The Lemonheads’ biggest hit was their cover of Simon and Garfunkel’s Mrs Robinson of course and although we don’t hear that tonight, as a band who were always fond of a well chosen and reworked cover, and have just released their second album of cover versions (Varshons 2), the set is peppered with Dando making other people’s songs sound like his own!
Amongst the latest reworkings are Nick Cave’s Straight to You, Gram Parsons I Just Can’t Take It Anymore and Streets of Baltimore and Yo La Tengo’s Can’t Forget. Then there’s the reinterpretations of the Australian band, Smudge’s, songs, which Dando made his own early in his career – the tongue-in-cheek humour of Outdoor Type, ushers in one of many fine sing-a longs:
“I can’t go away with you on a rock-climbing weekend / What if something’s on TV and it’s never shown again!”
But the highlight of the set for the Glasgow audience has to be when Dando does a slightly slowed down and country-spun take on local heroes, Teenage Fanclub’s, almost hymnal, Ain’t That Enough.
If I Could Talk I’d Tell You (co-written with Eugene Kelly of the Vaselines, another nod to Glasgow’s connections to the American grunge scene of the 90’s ) and Into Your Arms come as the last song in the set and last song of the first encore, respectively, and epitomise what is so timeless about Dando’s songcraft. He takes the most delicate structures, the most whisperingly sensitive of lyrics and turns them into songs with the pop charm and punch of a 60’s beat combo (even his way of playing his guitar tonight – higher than usual, stooped at the microphone, turning his head to wink and smile at the crowd from beneath a curtain of fringe reminds me of The Beatles!)
Evan doesn’t speak much during the set, he remains somewhat of an enigma, a contradiction; a smile turns to an introspective thousand yard glare as he vanishes into the instrument he plays with such creativity and assurance. An alternative, yet a true guitar hero.
But if we are not any nearer, after all these years, to figuring Mr. Dando out, are we any nearer to finding a typical Lemonheads fan? I don’t think so! Dando’s vision and the many musicians he’s played with over the years takes in so much alternative musical history, yet is still very much part of the sound of guitar music in the 90’s. With that era making a comeback in fashion now, The Lemonheads have picked the right time to come back – joining fans old and new, heavy rock fans to country fans! Who knows – perhaps an album of original music, which would be the first since 2006,will follow Varshons 2! The time is right!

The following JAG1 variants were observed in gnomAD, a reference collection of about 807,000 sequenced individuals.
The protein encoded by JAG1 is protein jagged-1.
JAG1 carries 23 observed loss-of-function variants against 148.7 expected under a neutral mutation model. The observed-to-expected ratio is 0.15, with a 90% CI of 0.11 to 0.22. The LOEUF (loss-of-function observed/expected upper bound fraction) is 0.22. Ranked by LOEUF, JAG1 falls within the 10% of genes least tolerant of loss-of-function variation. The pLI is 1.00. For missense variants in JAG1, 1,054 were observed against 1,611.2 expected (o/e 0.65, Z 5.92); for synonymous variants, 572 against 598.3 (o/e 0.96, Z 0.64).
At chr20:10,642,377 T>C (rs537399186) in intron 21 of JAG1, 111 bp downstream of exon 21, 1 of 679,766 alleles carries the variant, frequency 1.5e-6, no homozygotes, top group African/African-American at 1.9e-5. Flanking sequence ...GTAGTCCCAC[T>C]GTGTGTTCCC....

This was the first time I’d seen The Lemonheads live. I was one of those casual fans, always liking the group when they appeared on compilations but never so much as buying an album, to my shame! A quick glance at the gigs on offer in Glasgow on the same night (The Lemonheads topped them all in my view) and a video from 2014 of Evan Dando duetting with Courtney Barnett on Being Around (proving he’s as down with new indie music as ever), and I made the choice to see The Lemonheads as they still seemed important. The lyrics to Being Around include:
“If I was a booger, would you blow your nose?
Would you keep it? would you eat it?
I’m just tryin’ to give myself a reason, for being around.”
Written in 1992, it’s the bridge between The Velvet Underground and The Mouldy Peaches!
Evan Dando’s voice, songwriting and guitar playing is among the canon of truly original indie-pop. The massive, loyal and overjoyed crowd tonight showed that, at times, an enduring indie-visionary like Dando, along with a bit of a nostalgia-lust, can trump a million up and coming bands’ gigs. Everyone likes a classic, and tonight, together, we don’t need to feel guilty about that; the classics can still feel fresh!
The Great Big No
It’s a Shame About Ray
Abandoned (Lucinda Williams cover)
Left for Dead
Tenderfoot (Smudge cover)
My Idea (Chris Brokaw cover)
It Looks Like You
I Just Can’t Take it Anymore (Gram Parsons cover)
My Drug Buddy
The Outdoor Type (Smudge cover)
Why Do You Do This To Yourself?
Ride With Me
Streets of Baltimore (Gram Parsons/ Glasser Brothers cover)
Aint That Enough (Teenage Fanclub cover)
The Moon’s a Balloon (Eugenius cover)
Skulls (Misfits cover)
Big Gay Heart
Straight to You (Nick Cave and The Bad Seeds cover)
Hannah and Gaby
If I Could Talk I’d Tell You
Can’t Forgot (Yo La Tengo cover)
Into Your Arms
Babaganoj (Smudge cover)
Frank Mills (Galt McDermott cover)